THanks


#437

If you can afford it, always the nuc. It's a small started colony, brood in all stages, stores, a healthy, laying queen and bees to cover. When you go to pick up your nuc, pronounced like the knuckles on your hand, have the producer show you the queen, brood, and stores. The queen should be vigorous, much larger than the workers, and attractive to the eye. The eggs should be singles and stand upright in the middle of the cell, the cappings will all be the same brown color in the colony, will only have a few empties, and have no shrunken or chewed cells. You should get 5-10# of capped honey and some pollen and the workers should be uniform color and move quietly on the comb with out popping against your veil. If some workers are differing colors, the queen may have changed within the last 2 wks. Genetic changes in the colony can be bad or good.


#438

fascinating, and appreciated. As long as I'm asking dumb Q's I should know the answer to, let me try another:

The hive that had bees in it almost all year still has a lot of drawn but empty comb. Some of it looks really dark brown and old, and some of it looks much whiter and fresher. There are probably a total of about 16 frames with comb- about 8 in one box and 6 in one and 2 in one. This comb and this whole hive has been outside all year. I didn't put it in a bee-proof area as was suggested because it wasn't completely empty until about a month ago.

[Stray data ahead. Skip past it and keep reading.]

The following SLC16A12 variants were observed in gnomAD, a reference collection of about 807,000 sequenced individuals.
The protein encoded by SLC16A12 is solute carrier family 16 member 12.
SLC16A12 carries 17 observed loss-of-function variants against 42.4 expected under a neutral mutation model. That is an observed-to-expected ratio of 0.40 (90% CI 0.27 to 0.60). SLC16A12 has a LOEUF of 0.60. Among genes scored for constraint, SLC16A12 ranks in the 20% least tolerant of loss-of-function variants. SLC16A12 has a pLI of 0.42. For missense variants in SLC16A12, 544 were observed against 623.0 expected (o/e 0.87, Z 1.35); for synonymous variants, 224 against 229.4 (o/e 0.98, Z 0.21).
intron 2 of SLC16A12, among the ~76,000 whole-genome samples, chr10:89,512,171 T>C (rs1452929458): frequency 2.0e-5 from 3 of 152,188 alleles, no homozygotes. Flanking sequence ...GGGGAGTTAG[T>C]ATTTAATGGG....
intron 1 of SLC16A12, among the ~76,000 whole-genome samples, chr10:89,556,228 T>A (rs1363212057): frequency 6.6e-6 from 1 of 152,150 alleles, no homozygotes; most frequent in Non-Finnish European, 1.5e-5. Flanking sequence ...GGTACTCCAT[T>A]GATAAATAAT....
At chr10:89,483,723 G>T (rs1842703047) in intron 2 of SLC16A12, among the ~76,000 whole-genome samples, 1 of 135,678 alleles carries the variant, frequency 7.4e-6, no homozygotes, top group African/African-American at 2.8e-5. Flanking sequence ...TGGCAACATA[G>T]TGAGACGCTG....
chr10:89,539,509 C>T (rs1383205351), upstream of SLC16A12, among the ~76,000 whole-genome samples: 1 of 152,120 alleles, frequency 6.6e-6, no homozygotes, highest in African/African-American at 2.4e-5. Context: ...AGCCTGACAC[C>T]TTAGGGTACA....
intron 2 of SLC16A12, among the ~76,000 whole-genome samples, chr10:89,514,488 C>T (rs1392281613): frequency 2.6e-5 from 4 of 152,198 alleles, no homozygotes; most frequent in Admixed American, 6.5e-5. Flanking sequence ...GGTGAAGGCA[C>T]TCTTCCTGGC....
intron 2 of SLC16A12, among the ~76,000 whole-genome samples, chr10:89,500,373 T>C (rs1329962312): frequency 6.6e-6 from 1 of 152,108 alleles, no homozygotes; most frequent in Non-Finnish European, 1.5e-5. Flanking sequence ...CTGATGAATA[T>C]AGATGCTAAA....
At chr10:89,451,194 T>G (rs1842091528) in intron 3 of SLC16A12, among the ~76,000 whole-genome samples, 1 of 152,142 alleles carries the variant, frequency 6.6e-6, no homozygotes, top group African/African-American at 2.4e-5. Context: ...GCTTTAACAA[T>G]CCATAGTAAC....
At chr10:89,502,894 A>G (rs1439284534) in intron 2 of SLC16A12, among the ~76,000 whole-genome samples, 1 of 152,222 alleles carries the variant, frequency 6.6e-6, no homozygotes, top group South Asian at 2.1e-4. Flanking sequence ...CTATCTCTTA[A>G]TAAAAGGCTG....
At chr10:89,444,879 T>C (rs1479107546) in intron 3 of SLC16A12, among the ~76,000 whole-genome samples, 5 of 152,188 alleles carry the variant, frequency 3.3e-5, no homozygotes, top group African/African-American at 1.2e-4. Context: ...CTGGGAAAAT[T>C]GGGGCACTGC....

Based on the above info: I THINK having drawn comb in place is a good thing, right? Is this true even if I get new bees? Will new bees use other bee's drawn comb? If not, I can throw it all away and I already have wax foundation sheets I can put back in. But if I'm right and it's good to have drawn comb already present, I'm afraid I might have other things in that hive since its sat empty outside for a month or more- mites, moths, diseases, etc. If so, what can I do? No way I can get even 1 box into my freezer if that is what you're going to say! :slight_smile: One thing I saw in my other hive was an abundance of those black spiders that can jump like crazy. They had spun little 1/2 inch webs all over the inside of the hive and each spot that had a little web- almost like a cacoon- had a black jumping spider inside the web. If none of this makes any sense, I guess I'm just unlucky. But I'd still like to know what do do with my drawn web and 3-4 box hive that has been outside all winter and empty for over a month.

thanks


#439

drawn comb frames are great for helping new hives get off the ground. to deal with pests and disease i freeze all of my frames after they are pulled from a hive. if there is a lot of gyk ill scrub them, dip them in boiling water (i do this outside since wax us flamable) then toss them in the freezer to kill anythung that is left.


#440

I'm building nucs today. Any one interested in learning this, please leave a like and I will do my best to describe the equipment and procedure and send some pictures.